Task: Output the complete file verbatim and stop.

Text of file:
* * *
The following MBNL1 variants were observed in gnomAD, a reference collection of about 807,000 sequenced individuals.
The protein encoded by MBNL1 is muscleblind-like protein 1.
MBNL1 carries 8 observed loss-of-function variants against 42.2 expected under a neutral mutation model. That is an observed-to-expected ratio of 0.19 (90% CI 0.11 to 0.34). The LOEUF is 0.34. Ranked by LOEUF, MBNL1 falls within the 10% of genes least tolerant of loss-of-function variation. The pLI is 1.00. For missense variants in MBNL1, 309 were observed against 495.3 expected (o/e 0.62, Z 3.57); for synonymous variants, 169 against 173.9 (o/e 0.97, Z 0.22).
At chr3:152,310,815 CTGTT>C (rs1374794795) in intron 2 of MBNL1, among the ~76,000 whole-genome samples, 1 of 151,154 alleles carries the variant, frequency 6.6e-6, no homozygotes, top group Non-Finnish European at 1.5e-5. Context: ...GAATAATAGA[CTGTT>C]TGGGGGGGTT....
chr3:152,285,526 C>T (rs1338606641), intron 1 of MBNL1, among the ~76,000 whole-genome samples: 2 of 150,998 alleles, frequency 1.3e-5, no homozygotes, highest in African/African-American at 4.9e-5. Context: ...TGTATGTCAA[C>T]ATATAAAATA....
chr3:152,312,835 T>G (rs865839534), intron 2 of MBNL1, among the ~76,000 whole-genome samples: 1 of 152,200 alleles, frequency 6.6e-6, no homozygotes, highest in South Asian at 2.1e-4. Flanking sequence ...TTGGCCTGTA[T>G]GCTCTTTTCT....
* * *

The following MBNL1 variants were observed in gnomAD, a reference collection of about 807,000 sequenced individuals.
The protein encoded by MBNL1 is muscleblind-like protein 1.
MBNL1 carries 8 observed loss-of-function variants against 42.2 expected under a neutral mutation model. That is an observed-to-expected ratio of 0.19 (90% CI 0.11 to 0.34). The LOEUF is 0.34. Ranked by LOEUF, MBNL1 falls within the 10% of genes least tolerant of loss-of-function variation. The pLI is 1.00. For missense variants in MBNL1, 309 were observed against 495.3 expected (o/e 0.62, Z 3.57); for synonymous variants, 169 against 173.9 (o/e 0.97, Z 0.22).
At chr3:152,310,815 CTGTT>C (rs1374794795) in intron 2 of MBNL1, among the ~76,000 whole-genome samples, 1 of 151,154 alleles carries the variant, frequency 6.6e-6, no homozygotes, top group Non-Finnish European at 1.5e-5. Context: ...GAATAATAGA[CTGTT>C]TGGGGGGGTT....
chr3:152,285,526 C>T (rs1338606641), intron 1 of MBNL1, among the ~76,000 whole-genome samples: 2 of 150,998 alleles, frequency 1.3e-5, no homozygotes, highest in African/African-American at 4.9e-5. Context: ...TGTATGTCAA[C>T]ATATAAAATA....
chr3:152,312,835 T>G (rs865839534), intron 2 of MBNL1, among the ~76,000 whole-genome samples: 1 of 152,200 alleles, frequency 6.6e-6, no homozygotes, highest in South Asian at 2.1e-4. Flanking sequence ...TTGGCCTGTA[T>G]GCTCTTTTCT....